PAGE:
When the Rochester Institute of Technology men’s hockey players do their stretching exercises about an hour before game time, they wear T-shirts that say “Fear the Streak.”
Well, the Tigers might want to get new T-shirts that say “Fear the Streak in Detroit,” because that is where they are going for the Frozen Four.
RIT completed an incredible run to its first Frozen Four appearance on Saturday, cruising to a 6-2 victory over New Hampshire in the NCAA Hockey tournament East Regional championship game at the Times Union Center.
The Tigers (28-11-1), the fourth seed in the region, have won 12 straight games, the nation’s longest winning streak this season. They become the first Atlantic Hockey team to reach the Frozen Four, and it took just five years for them to do it. RIT elevated its program from Division III to Division I in 2005.
“We’re still having fun,” RIT coach Wayne Wilson said. “This is an accumulation of a lot of hard work from a lot of different players from the past, starting with Division III. They won two national championships. Those players have set a bar of excellence.
“It’s just really exciting. It’s a little unbelievable, for me, anyway, just [in] the calmness of the players and the way they go about their work, and how much fun they have. I don’t know if it’s because we’re the underdog, or what the reason is. We’re having fun along the way. We don’t feel any pressure.”
RIT’s run can be compared to one made last year by Bemidji State of College Hockey America. The Beavers were the fourth seeded in the Midwest Regional, and they upset regional top-seed and overall tournament No. 2 seed Notre Dame, 5-1, and regional third-seed Cornell, 4-1, to reach their first Frozen Four.
The Tigers knocked off regional top seed and overall No. 2 seed Denver, 2-1, Friday before dismantling third-seeded UNH (18-14-7). The Tigers will face the winner of the West Regional final, either St. Cloud State or Wisconsin, in the semifinals April 8 at Ford Field, home of the Detroit Lions.
“We’re going there to have fun,” Wilson said. “There’s no pressure on us.”
The Tigers, who took a 1-0 lead on Chris Haltigin’s goal with 5:50 left in the first period, never looked like a team making its first NCAA Division I tournament appearance. All weekend, they were loose and relaxed, and that attitude translated on the ice.
Even when UNH came back to tie the score, 1-1, on Phil DeSimone’s goal late in the first, RIT never got nervous.
“The first period, we were a little to excited,” said RIT goalie Jared DeMichiel, who made 24 saves as was named the regional’s Most Outstanding Player. “The first intermission, it was really quiet in our locker room. It was kind of weird. I didn’t know if it was a good thing or a bad thing, but it was definitely quieter because the guys were focused
“Everyone knew what we had to do to get it.”
The Tigers got it. The game turned during a 1:34 stretch in the second period.
Tyler Brenner snapped the tie with 6:37 left in the period. He got behind the UNH defense and went to the net. He took a pass from Andrew Favot, who carried the puck down the left wing into the UNH zone, and beat goalie Brian Foster.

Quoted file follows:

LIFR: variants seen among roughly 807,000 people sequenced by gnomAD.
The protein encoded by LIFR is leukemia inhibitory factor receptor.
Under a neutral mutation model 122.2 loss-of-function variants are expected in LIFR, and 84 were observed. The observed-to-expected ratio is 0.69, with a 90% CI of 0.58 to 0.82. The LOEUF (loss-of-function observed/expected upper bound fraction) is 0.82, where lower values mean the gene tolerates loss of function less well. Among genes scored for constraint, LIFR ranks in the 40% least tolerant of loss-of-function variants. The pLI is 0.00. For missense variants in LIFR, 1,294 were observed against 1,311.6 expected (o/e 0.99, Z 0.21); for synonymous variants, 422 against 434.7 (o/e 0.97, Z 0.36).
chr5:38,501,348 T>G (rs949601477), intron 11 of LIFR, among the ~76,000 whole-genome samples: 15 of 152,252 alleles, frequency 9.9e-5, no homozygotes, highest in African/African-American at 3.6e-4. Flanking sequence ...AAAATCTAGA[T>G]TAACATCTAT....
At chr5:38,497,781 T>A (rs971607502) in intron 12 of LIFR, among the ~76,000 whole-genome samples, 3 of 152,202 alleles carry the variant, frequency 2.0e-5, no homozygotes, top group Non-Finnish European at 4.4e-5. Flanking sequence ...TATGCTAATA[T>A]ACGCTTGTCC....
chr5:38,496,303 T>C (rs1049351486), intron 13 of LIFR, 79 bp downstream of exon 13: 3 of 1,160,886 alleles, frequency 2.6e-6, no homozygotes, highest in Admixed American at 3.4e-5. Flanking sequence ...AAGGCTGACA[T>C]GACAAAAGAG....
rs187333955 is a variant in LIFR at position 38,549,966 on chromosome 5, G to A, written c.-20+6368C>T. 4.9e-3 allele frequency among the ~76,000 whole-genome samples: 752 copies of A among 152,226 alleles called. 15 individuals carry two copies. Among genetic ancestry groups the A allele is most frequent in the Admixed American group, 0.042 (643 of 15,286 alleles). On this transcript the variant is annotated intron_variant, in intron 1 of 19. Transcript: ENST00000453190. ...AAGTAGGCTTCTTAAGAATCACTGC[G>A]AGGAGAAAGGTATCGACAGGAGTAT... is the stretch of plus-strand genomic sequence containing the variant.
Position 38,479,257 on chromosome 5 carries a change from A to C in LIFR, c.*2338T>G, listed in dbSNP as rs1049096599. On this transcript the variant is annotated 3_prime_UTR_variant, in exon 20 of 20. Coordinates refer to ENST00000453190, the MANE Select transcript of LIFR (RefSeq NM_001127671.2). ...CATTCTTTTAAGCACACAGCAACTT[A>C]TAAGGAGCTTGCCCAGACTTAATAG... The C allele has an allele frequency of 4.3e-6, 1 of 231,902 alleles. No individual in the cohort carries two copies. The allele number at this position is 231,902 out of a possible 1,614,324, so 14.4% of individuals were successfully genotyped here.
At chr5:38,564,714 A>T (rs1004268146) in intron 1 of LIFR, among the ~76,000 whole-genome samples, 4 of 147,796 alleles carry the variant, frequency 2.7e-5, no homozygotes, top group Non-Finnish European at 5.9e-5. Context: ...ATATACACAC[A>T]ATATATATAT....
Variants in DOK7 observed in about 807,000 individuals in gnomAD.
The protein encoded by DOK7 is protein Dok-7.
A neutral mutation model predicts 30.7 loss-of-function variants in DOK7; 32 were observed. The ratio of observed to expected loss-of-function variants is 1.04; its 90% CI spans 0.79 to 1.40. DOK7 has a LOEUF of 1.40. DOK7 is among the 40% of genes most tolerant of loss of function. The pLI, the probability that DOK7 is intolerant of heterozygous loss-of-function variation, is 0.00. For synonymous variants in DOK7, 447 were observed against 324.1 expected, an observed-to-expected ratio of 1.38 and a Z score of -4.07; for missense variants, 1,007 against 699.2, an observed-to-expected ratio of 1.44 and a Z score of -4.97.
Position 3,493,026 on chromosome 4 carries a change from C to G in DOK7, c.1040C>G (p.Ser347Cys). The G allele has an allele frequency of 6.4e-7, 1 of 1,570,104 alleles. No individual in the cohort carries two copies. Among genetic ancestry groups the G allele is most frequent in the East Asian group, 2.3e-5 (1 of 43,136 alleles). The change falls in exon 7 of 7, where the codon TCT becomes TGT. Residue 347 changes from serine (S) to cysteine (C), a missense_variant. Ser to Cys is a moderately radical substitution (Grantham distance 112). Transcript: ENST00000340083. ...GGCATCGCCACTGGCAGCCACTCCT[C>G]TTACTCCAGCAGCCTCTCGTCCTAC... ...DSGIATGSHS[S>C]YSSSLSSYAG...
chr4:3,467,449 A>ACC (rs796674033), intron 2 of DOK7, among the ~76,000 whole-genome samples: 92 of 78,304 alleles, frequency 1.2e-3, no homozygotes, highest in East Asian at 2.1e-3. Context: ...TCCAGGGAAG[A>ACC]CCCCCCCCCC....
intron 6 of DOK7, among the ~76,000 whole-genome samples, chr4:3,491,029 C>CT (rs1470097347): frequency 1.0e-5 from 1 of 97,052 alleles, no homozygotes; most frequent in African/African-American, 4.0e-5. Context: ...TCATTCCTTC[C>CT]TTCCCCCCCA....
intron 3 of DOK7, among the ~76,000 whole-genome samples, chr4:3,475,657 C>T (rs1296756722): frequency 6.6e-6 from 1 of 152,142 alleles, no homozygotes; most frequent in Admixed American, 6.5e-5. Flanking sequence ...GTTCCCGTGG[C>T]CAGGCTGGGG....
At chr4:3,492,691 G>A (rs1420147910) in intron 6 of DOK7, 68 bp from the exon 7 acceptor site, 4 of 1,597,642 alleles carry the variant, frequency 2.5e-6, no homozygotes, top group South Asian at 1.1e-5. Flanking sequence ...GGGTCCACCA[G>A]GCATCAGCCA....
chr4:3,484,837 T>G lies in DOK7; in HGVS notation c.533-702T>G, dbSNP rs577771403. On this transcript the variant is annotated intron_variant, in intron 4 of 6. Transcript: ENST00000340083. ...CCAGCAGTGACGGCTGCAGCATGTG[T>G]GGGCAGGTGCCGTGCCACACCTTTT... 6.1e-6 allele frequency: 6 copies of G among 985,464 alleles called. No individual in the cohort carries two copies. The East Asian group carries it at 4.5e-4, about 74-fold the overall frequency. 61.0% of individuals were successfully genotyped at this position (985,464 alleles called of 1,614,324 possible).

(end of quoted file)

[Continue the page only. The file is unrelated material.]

As the RIT fans were celebrating that goal, Brent Alexin made it 3-1 13 seconds later. Stevan Matic scored at 14:57 to increase the lead to 4-1.
“We knew we had to get the lead again,” Brenner said. “Once we got that goal, we got our confidence and got things rolling.”
The Wildcats, the Hockey East regular-season champions, never recovered.
“It’s hard to come back like that, and it’s disheartening in a 1-1 game,” UNH forward Peter Leblanc said. “[UNH’s Paul] Thompson hits the crossbar, which could have made it 2-1. We had our chances, and the bounces didn’t really go our way. It’s tough to come back against a good team, down, 4-1, in the third period.”
Brenner got his second goal of the game midway through the third. Blake Kessel scored the Wildcats’ second goal with 2:29 remaining, but Tyler Mazzei sealed the Tigers’ win with an empty-net goal at 18:06.
“One thing I can tell you is that the 30 guys in our dressing room definitely believed it,” RIT defenseman Dan Ringwald said. “A lot of the outsiders didn’t give us a chance, but we just take that in stride, accept it for what it is and still go out there and approach the game the same way.”
RIT, led by DeMichiel, placed five players on the all-tournament team. Joining DeMichiel were defensemen Ringwald and Haltigin, and forwards Brenner and Cameron Burt. UNH’s Bobby Butler, who had two goals and an assist in Friday’s 6-2 victory over Cornell, was the other forward. . . .
RIT won NCAA Division III titles in 1983 and 1985. The 1985 team was coached by Bruce Delventhal, who later coached Union.
RIT 1 3 2 — 6
New Hampshire 1 0 1 — 2
First Period — 1, RIT, Haltigin 9 (Mazzei), 14:10. 2, New Hampshire, DeSimone 10 (Kostolansky, Kipp), 19:01. Penalties — McReynolds, RIT (interference), 9:32; Burke, UNH (interference), 19:36.
Second Period — 3, RIT, Brenner 13 (Favot, Saracino), 13:23. 4, RIT, Alexin 4 (Haltigin, Hartley), 13:36. 5, RIT, Matic 5 (Murphy, Burt), 14:57. Penalties — Mazur, RIT (interference), 1:55; Campanale, UNH (hooking), 6:10; Cornacchia, RIT (hooking), 9:22; New Hampshire bench, served by Hardowa (too many men), 15:59.
Third Period — 6, RIT, Brenner 14, 10:01. 7, New Hampshire, Kessel 16 (Kostolansky), 17:31. 8, RIT, Mazzei 10 (Favot), 18:06 (en). Penalties — Leblanc, UNH (hooking), 13:26; DeSimone, UNH (hooking), 14:02; Henrion, UNH (slashing), 18:46.
Shots on Goal — RIT 7-18-8 — 33. New Hampshire 8-6-12 — 26.
Power-play opportunities — RIT 0 of 6; New Hampshire 0 of 3.
Goalies — RIT, DeMichiel 27-9-1 (26 shots-13 saves). New Hampshire, Foster 17-14-7 (32-27).
A — 3,737. T — 2:33.
Referees — Derek Shepherd, Mario Hunt. Linesmen — Dan Carey, Bob Keltie.
Categories: College Sports